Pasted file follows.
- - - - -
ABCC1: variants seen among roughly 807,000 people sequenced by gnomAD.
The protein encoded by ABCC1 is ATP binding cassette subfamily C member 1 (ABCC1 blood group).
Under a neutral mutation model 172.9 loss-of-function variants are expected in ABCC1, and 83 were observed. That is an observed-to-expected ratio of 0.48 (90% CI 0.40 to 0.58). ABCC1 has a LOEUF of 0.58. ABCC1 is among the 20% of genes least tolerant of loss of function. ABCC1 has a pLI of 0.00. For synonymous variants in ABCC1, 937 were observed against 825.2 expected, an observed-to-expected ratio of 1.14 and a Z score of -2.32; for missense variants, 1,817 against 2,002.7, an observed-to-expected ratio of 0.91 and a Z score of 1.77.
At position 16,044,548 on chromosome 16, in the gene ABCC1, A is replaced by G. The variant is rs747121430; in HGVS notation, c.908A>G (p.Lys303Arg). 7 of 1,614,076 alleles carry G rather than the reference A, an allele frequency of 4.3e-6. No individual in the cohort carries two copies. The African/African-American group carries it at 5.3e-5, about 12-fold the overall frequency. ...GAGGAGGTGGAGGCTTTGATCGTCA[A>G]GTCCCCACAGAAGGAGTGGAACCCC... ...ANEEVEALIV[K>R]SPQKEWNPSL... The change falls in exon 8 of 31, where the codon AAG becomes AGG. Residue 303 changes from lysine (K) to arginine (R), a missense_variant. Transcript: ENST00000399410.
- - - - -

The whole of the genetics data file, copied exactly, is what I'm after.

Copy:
ABCC1: variants seen among roughly 807,000 people sequenced by gnomAD.
The protein encoded by ABCC1 is ATP binding cassette subfamily C member 1 (ABCC1 blood group).
Under a neutral mutation model 172.9 loss-of-function variants are expected in ABCC1, and 83 were observed. That is an observed-to-expected ratio of 0.48 (90% CI 0.40 to 0.58). ABCC1 has a LOEUF of 0.58. ABCC1 is among the 20% of genes least tolerant of loss of function. ABCC1 has a pLI of 0.00. For synonymous variants in ABCC1, 937 were observed against 825.2 expected, an observed-to-expected ratio of 1.14 and a Z score of -2.32; for missense variants, 1,817 against 2,002.7, an observed-to-expected ratio of 0.91 and a Z score of 1.77.
At position 16,044,548 on chromosome 16, in the gene ABCC1, A is replaced by G. The variant is rs747121430; in HGVS notation, c.908A>G (p.Lys303Arg). 7 of 1,614,076 alleles carry G rather than the reference A, an allele frequency of 4.3e-6. No individual in the cohort carries two copies. The African/African-American group carries it at 5.3e-5, about 12-fold the overall frequency. ...GAGGAGGTGGAGGCTTTGATCGTCA[A>G]GTCCCCACAGAAGGAGTGGAACCCC... ...ANEEVEALIV[K>R]SPQKEWNPSL... The change falls in exon 8 of 31, where the codon AAG becomes AGG. Residue 303 changes from lysine (K) to arginine (R), a missense_variant. Transcript: ENST00000399410.